He has spoken openly about the great Persian poets and Ferdowsi which I am sure you know has been a taboo for those who just want to promote Islam and not Iran. Not only that he has promoted foreign scholars who have made their living educating the world on Iranian culture and civilization – i.e. Richard Frye;Professor Frye helped found the Center for Middle Eastern Studies at Harvard, the first Iranian studies program in America. Not only did Ahmadinejad invite him to Iran but honored him for all that he has done in promoting Iranian/Persian studies and culture. He has been criticized by the opposition for his continuous use of using the word “IRAN”; “The great Iranian people, the great Iranian nation, our great culture and ancient civilization etc..” Against all odds he has promoted NowRuz as an ancient Iranian tradition. In fact if not for the opposition he had intended to hold NowRuz at Persepolis two years ago. For the first time the UN Mission in NYC celebrated the 800 anniversary of Ferdowsi and invited the ambassadors from all countries to this celebration. He was the one who registered Nowruz at UNESCO and called upon all nations to celebrate this day as a gesture of love, peace and security of for all nations.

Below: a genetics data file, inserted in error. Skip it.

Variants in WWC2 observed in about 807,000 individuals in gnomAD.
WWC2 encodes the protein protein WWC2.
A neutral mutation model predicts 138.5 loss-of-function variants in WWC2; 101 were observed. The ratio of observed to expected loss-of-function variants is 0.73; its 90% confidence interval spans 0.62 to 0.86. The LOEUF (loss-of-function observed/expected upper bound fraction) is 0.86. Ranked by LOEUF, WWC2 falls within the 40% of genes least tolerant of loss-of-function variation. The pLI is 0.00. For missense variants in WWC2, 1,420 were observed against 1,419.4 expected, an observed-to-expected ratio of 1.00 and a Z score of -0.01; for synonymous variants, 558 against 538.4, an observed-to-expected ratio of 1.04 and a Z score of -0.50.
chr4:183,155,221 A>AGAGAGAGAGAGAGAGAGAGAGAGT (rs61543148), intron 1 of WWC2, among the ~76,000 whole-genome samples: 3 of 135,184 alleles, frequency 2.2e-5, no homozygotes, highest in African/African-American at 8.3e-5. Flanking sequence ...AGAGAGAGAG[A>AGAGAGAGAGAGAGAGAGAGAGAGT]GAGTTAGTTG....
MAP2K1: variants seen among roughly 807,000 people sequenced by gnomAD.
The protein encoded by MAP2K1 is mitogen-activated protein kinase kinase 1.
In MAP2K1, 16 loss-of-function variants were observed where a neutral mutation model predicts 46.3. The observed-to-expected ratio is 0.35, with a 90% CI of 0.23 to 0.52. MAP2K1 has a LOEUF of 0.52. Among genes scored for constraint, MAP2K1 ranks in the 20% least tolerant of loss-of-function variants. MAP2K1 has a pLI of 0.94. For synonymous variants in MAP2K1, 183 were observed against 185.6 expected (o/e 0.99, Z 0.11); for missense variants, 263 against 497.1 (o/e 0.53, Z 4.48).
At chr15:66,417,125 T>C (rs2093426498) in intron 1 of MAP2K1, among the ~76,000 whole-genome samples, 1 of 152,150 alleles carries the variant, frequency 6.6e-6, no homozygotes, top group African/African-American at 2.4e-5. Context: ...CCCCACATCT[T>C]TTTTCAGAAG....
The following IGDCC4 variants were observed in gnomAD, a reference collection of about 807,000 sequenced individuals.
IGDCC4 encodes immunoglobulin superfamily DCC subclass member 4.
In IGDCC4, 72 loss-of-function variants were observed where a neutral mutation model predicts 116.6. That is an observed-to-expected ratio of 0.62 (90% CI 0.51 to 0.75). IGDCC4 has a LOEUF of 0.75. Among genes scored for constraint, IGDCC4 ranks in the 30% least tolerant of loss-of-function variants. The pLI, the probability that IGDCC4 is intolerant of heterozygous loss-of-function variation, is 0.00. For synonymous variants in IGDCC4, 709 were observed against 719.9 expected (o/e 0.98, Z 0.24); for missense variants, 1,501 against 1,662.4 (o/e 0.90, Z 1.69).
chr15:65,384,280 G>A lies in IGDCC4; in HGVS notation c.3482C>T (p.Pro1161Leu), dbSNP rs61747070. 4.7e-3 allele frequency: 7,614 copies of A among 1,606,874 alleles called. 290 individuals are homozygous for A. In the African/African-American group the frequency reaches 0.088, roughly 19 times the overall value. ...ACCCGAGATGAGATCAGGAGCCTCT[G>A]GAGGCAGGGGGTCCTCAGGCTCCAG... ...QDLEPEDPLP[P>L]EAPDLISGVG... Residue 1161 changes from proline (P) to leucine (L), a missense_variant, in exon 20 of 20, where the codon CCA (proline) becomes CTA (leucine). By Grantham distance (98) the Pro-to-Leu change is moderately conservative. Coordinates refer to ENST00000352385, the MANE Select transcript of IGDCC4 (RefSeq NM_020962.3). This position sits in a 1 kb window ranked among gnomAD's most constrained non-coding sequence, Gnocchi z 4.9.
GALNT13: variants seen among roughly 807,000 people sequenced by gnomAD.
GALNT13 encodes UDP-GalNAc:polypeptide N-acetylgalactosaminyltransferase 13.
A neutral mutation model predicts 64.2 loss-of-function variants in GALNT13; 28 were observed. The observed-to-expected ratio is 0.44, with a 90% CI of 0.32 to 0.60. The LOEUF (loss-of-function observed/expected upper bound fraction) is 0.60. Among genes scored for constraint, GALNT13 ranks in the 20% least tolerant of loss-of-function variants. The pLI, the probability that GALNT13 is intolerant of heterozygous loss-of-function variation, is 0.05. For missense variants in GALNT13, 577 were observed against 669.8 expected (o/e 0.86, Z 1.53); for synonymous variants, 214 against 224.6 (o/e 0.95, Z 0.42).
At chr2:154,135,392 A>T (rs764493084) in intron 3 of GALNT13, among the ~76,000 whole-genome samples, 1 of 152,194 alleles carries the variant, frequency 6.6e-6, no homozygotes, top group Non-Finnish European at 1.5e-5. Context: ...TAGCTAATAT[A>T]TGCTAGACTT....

These are just some simple examples of what he has done to promote Iranian culture. I am baffled by your statement.

    And on the matter of how he talks… He is the president of the majority of Iranians and speaks in a language that they understand. Maybe you should visit some of the cities outside of Tehran and see what people have to say about all that he has accomplished for them.

    Show me one president who dares go into the midst of thousands of people without body guards, whether in Iran or outside of Iran!! He is one with the people – no different, no less, and no more!

  58. kooshy says:

    Piriouz says:
    February 13, 2013 at 6:08 pm

    “While I don’t wish to see our country cured in the same horrible way it took the Germans to do so, I’d sure like to see this mentality go away for good.”